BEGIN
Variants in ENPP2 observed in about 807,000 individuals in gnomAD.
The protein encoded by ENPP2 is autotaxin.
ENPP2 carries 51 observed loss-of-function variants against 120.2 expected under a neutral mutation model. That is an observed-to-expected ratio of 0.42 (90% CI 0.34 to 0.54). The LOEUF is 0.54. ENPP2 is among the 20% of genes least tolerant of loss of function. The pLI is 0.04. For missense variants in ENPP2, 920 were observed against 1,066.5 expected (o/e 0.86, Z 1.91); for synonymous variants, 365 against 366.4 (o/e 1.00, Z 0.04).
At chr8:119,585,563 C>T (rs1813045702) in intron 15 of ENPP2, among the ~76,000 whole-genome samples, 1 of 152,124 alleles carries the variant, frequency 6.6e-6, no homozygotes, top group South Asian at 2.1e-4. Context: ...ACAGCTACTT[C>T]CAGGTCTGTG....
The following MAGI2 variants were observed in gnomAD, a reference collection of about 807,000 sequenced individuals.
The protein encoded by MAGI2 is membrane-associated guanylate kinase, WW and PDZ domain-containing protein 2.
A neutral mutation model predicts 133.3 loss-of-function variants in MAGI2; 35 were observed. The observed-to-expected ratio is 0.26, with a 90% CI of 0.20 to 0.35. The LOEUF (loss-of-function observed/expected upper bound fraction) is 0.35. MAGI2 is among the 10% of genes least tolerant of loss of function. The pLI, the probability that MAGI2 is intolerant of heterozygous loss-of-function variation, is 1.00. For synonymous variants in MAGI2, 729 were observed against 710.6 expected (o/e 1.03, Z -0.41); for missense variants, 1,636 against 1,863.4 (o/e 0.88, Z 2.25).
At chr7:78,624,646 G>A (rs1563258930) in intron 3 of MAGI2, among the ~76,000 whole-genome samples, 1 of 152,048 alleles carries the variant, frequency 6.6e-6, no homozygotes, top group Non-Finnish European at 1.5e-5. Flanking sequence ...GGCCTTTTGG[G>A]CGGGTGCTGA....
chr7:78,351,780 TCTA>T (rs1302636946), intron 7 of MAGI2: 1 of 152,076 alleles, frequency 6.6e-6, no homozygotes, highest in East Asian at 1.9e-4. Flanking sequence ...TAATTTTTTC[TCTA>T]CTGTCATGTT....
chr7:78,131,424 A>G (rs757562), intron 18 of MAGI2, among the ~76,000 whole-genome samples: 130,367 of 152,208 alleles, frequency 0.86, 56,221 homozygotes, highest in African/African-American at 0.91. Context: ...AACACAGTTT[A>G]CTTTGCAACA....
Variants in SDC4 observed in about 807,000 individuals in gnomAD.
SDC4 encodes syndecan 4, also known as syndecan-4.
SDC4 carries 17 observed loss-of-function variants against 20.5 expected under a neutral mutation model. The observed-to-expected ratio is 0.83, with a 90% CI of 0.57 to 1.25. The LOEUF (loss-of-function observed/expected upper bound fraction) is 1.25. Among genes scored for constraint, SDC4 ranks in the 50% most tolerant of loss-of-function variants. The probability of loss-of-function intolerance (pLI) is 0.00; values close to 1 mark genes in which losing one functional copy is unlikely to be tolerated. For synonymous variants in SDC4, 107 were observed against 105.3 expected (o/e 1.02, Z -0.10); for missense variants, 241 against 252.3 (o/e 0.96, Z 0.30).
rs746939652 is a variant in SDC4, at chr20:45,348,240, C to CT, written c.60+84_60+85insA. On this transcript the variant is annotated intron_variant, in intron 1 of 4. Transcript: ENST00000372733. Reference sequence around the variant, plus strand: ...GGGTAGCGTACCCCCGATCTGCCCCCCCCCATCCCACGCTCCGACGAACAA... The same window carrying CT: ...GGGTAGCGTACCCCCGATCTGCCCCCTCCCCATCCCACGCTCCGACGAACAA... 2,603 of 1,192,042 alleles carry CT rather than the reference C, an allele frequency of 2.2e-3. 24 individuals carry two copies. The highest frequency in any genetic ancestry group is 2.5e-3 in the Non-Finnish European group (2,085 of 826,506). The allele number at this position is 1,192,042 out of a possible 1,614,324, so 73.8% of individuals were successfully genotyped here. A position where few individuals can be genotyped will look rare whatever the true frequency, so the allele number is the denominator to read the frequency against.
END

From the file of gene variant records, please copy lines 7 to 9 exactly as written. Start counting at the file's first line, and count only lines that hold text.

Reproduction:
A neutral mutation model predicts 133.3 loss-of-function variants in MAGI2; 35 were observed. The observed-to-expected ratio is 0.26, with a 90% CI of 0.20 to 0.35. The LOEUF (loss-of-function observed/expected upper bound fraction) is 0.35. MAGI2 is among the 10% of genes least tolerant of loss of function. The pLI, the probability that MAGI2 is intolerant of heterozygous loss-of-function variation, is 1.00. For synonymous variants in MAGI2, 729 were observed against 710.6 expected (o/e 1.03, Z -0.41); for missense variants, 1,636 against 1,863.4 (o/e 0.88, Z 2.25).
At chr7:78,624,646 G>A (rs1563258930) in intron 3 of MAGI2, among the ~76,000 whole-genome samples, 1 of 152,048 alleles carries the variant, frequency 6.6e-6, no homozygotes, top group Non-Finnish European at 1.5e-5. Flanking sequence ...GGCCTTTTGG[G>A]CGGGTGCTGA....
chr7:78,351,780 TCTA>T (rs1302636946), intron 7 of MAGI2: 1 of 152,076 alleles, frequency 6.6e-6, no homozygotes, highest in East Asian at 1.9e-4. Flanking sequence ...TAATTTTTTC[TCTA>T]CTGTCATGTT....